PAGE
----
Monthly Archive for: ‘June, 2015’
Twelfth Night: Comedy by William Shakespeare. Directed by Christopher Liam Moore. California Shakespeare Theater (CalShakes), Bruns Amphitheater 100 California Shakespeare Theater Way, Orinda, CA. 510-548-9666 or www.calshakes.org May 30 – June 21, 2015
One man beats a full house of ladies in Twelfth Night at CalShakes Rating:
There is an (un)written dictum that 2015 will be the “year of the women” in Bay Area theatre. Shotgun Theatre is performing only plays written by woman and CalShakes enters the arena with women actors playing the major male roles in Shakespeare’s perfect comedy Twelfth Night. The casting director has imported the multitalented Ted Deasy to play the jester Feste and other male roles as needed. He is a sort ringmaster for this three ring circus of misplaced love.
But we are getting ahead of the story. After shipwrecked twins Viola and Sebastian end up in Illyria each believe the other dead. Viola disguises herself as a boy/man eventually becoming Cesario the page to Count Orsino. Orsino is in love with Olivia who rejects him even when Cesario/Viola pleads Orsino’s suit. Viola/Cesario falls in love with the Count and Olivia falls in love with Cesario/Viola. When Sebastian shows up the plot thickens further.
A secondary plot involves Olivia’s cousin, the drunkard Sir Toby Belch who brings along the rich Sir Andrew Aguecheek into Olivia’s home to court Olivia and to fund his revels. Olivia’s puritanical steward Malvolio puts a kybosh on Toby and Andrew’s revels. Maria, Olivia’s handmaiden has the ‘hots’ for Toby and she devises a plot to punish Malvolio.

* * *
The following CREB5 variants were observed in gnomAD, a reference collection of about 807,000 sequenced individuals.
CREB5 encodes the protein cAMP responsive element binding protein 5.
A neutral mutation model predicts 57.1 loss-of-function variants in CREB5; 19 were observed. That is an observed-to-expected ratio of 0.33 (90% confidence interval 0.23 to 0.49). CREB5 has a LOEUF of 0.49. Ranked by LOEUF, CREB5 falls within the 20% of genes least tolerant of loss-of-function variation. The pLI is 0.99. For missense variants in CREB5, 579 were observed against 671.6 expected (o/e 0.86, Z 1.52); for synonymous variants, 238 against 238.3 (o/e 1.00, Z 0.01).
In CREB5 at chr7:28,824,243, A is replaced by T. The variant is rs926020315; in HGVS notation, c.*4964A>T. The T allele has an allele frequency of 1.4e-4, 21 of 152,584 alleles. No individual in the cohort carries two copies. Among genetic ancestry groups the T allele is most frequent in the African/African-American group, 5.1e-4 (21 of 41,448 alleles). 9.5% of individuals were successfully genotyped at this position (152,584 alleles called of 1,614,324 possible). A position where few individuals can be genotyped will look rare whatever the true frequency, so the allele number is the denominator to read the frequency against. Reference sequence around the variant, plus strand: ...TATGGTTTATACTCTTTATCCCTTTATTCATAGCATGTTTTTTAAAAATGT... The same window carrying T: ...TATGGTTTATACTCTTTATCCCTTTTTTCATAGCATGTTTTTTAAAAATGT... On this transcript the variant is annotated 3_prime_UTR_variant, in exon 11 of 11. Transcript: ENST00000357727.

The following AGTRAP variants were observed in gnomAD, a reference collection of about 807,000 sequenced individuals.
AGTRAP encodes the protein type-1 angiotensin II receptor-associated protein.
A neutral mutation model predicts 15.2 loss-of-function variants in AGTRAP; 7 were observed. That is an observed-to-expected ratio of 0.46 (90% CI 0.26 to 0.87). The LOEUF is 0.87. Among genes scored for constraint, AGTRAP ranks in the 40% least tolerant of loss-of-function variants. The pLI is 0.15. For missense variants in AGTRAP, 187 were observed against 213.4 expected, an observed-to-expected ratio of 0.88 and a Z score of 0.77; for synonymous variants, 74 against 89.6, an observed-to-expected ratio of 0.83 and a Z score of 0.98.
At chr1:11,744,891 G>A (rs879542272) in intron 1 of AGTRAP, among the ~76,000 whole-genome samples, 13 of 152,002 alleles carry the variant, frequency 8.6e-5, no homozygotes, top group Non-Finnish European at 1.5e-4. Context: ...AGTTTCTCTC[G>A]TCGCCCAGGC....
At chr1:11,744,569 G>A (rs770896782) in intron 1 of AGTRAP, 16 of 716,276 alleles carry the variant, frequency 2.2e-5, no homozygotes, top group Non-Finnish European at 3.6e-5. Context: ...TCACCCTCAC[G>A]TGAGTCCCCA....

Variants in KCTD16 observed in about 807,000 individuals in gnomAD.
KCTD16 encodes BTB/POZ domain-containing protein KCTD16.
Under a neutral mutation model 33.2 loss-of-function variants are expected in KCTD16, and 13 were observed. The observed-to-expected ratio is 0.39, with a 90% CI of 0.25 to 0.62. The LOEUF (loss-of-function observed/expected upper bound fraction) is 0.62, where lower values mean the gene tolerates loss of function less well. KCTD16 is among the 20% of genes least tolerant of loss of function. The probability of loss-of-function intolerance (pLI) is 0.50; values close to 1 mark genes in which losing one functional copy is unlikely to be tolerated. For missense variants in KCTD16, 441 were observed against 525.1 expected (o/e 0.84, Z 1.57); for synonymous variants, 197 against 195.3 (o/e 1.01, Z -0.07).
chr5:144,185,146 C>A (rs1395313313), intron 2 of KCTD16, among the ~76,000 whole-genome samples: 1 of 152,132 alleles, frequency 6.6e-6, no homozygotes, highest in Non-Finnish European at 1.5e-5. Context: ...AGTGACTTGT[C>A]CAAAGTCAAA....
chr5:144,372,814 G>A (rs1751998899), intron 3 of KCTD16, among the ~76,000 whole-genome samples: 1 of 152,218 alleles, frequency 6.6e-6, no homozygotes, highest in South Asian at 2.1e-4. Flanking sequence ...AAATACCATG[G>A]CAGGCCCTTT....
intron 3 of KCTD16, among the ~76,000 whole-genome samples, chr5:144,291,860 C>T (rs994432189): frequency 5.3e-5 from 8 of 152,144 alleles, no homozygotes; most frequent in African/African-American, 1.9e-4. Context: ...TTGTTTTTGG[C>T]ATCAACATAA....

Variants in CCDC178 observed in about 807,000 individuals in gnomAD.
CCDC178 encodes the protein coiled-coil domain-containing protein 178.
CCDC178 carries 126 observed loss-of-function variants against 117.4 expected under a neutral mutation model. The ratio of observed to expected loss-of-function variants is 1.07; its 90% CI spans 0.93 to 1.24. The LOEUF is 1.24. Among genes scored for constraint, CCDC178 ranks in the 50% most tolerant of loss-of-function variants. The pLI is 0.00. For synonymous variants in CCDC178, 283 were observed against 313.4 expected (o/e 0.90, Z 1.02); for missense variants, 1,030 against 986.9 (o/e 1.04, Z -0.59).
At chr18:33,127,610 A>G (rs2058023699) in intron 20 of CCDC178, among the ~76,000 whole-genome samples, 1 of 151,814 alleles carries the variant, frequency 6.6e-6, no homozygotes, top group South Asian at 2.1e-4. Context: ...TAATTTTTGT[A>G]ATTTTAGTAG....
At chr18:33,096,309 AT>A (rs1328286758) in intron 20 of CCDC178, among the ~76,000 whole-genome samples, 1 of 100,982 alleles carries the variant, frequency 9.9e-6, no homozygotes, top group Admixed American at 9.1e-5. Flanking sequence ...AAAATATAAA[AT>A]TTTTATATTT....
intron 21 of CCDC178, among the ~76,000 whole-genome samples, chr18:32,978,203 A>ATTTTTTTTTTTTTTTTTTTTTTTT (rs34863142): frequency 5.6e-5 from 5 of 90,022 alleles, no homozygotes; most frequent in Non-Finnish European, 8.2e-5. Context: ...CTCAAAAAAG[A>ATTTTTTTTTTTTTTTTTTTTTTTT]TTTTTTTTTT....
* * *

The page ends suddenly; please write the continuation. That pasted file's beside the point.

That’s more than enough of the story. It is the staging, direction and acting that carry the evening. Director Moore does more with less and is aided and abetted by Deasy. The stage is a simple high curved stone background (set by Nina Ball) with a large black casket on casters out of which Feste appears and the fun begins.
As you will remember the opening lines are: “If music be the food of love, play on; Give me excess of it. . .” and they do with apple I-tunes and fine singing by Deasy. Cell phones, including ‘selfie photos’ are used along with many other bits of modern shtick. The casket holds many of the props to be used and plays an integral part in Malvolio’s punishment. The pace is appropriately hectic with over the top emoting by most members of the cast who are fashionably dressed in outrageous/attractive costumes befitting an Elizabethan play.
Lisa Anne Porter switches from Viola to Sebastian with a simple rotation of the cap she/he is wearing and a change in demeanor. It is a bit clumsy but it works. Catherine Castellanos as Sir Toby outshines Margo Hall as Sir Andrew Aguecheek and Rami Margron as Count Orsino. Stacy Ross as the much put upon Malvolio is perfect and has the audience’s attention as she/he is put through a very rough manhandling by the miscreants.
Beautiful Julie Eccles handles the ‘love scenes’ with Cesario/Viola with grace and dignity while Viola/Cesario seems embarrassed with her love scene with the Count. Dominque Lozano is a charming schemer has great comic timing not to be outmatched by the emoting of Castellanos or Hall.
It is a fun evening made even better when the fog and wind did not materialize during the 2 hour and 40 minute performance. Recommendation: A should see with a ‘must see’ to watch Ted Deasy. ( If they have not done so already, they should sign him up to play opposite the inimitable Danny Scheie in the upcoming Mystery of Irma Vep).
ARTISTIC STAFF: Directed by Christopher Liam Moore; Designed by Nina Ball (set designer), Meg Neville (costume designer), Burke Brown (lighting designer), and Andre J. Pluess (sound designer).
CAST; Catherine Castellanos (Sir Toby Belch, Ensemble); Ted Deasy (Feste, Ensemble); Julie Eccles (Olivia, Ensemble); Margo Hall (Sir Andrew Aguecheek, Ensemble), Domenique Lozano (Maria, Ensemble); Rami Margron (Duke Orsino, Ensemble); Lisa Anne Porter (Viola, Sebastian, Ensemble); and Stacy Ross (Malvolio, Ensemble)
Kedar K. Adour, MD
Courtesy of www.theatreworldinternetmagazine.com